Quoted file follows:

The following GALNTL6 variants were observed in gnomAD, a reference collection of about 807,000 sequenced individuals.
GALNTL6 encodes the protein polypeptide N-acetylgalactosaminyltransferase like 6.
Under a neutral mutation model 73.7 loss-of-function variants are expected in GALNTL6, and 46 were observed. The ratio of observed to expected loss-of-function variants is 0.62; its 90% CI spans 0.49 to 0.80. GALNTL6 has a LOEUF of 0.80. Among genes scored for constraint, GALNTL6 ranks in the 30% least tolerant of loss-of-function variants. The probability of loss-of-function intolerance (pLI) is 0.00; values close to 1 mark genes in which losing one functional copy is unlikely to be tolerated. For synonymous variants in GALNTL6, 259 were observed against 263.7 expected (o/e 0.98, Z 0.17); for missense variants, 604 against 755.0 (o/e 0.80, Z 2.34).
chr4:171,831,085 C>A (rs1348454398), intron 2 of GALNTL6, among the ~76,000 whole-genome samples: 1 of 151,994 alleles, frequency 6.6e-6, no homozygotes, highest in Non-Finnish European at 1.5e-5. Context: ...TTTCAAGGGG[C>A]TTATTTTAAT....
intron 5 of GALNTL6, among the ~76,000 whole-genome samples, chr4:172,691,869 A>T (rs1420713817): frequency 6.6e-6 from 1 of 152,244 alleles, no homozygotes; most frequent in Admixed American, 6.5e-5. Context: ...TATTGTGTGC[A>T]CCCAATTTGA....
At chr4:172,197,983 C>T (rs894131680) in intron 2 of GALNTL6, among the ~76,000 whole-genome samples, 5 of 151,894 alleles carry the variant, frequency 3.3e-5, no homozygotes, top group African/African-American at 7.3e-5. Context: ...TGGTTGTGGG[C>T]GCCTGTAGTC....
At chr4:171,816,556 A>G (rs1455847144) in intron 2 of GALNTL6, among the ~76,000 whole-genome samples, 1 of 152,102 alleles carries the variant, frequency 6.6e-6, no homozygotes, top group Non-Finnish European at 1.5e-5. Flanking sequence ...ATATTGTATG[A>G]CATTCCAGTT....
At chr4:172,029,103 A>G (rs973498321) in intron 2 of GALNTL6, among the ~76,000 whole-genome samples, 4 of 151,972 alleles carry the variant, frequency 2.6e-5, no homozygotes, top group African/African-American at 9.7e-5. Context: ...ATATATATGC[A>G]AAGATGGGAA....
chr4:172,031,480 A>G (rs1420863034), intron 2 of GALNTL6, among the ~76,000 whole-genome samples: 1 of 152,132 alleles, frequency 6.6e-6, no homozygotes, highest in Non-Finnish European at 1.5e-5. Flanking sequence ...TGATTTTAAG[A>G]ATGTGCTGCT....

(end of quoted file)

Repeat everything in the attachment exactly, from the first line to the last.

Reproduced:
The following GALNTL6 variants were observed in gnomAD, a reference collection of about 807,000 sequenced individuals.
GALNTL6 encodes the protein polypeptide N-acetylgalactosaminyltransferase like 6.
Under a neutral mutation model 73.7 loss-of-function variants are expected in GALNTL6, and 46 were observed. The ratio of observed to expected loss-of-function variants is 0.62; its 90% CI spans 0.49 to 0.80. GALNTL6 has a LOEUF of 0.80. Among genes scored for constraint, GALNTL6 ranks in the 30% least tolerant of loss-of-function variants. The probability of loss-of-function intolerance (pLI) is 0.00; values close to 1 mark genes in which losing one functional copy is unlikely to be tolerated. For synonymous variants in GALNTL6, 259 were observed against 263.7 expected (o/e 0.98, Z 0.17); for missense variants, 604 against 755.0 (o/e 0.80, Z 2.34).
chr4:171,831,085 C>A (rs1348454398), intron 2 of GALNTL6, among the ~76,000 whole-genome samples: 1 of 151,994 alleles, frequency 6.6e-6, no homozygotes, highest in Non-Finnish European at 1.5e-5. Context: ...TTTCAAGGGG[C>A]TTATTTTAAT....
intron 5 of GALNTL6, among the ~76,000 whole-genome samples, chr4:172,691,869 A>T (rs1420713817): frequency 6.6e-6 from 1 of 152,244 alleles, no homozygotes; most frequent in Admixed American, 6.5e-5. Context: ...TATTGTGTGC[A>T]CCCAATTTGA....
At chr4:172,197,983 C>T (rs894131680) in intron 2 of GALNTL6, among the ~76,000 whole-genome samples, 5 of 151,894 alleles carry the variant, frequency 3.3e-5, no homozygotes, top group African/African-American at 7.3e-5. Context: ...TGGTTGTGGG[C>T]GCCTGTAGTC....
At chr4:171,816,556 A>G (rs1455847144) in intron 2 of GALNTL6, among the ~76,000 whole-genome samples, 1 of 152,102 alleles carries the variant, frequency 6.6e-6, no homozygotes, top group Non-Finnish European at 1.5e-5. Flanking sequence ...ATATTGTATG[A>G]CATTCCAGTT....
At chr4:172,029,103 A>G (rs973498321) in intron 2 of GALNTL6, among the ~76,000 whole-genome samples, 4 of 151,972 alleles carry the variant, frequency 2.6e-5, no homozygotes, top group African/African-American at 9.7e-5. Context: ...ATATATATGC[A>G]AAGATGGGAA....
chr4:172,031,480 A>G (rs1420863034), intron 2 of GALNTL6, among the ~76,000 whole-genome samples: 1 of 152,132 alleles, frequency 6.6e-6, no homozygotes, highest in Non-Finnish European at 1.5e-5. Flanking sequence ...TGATTTTAAG[A>G]ATGTGCTGCT....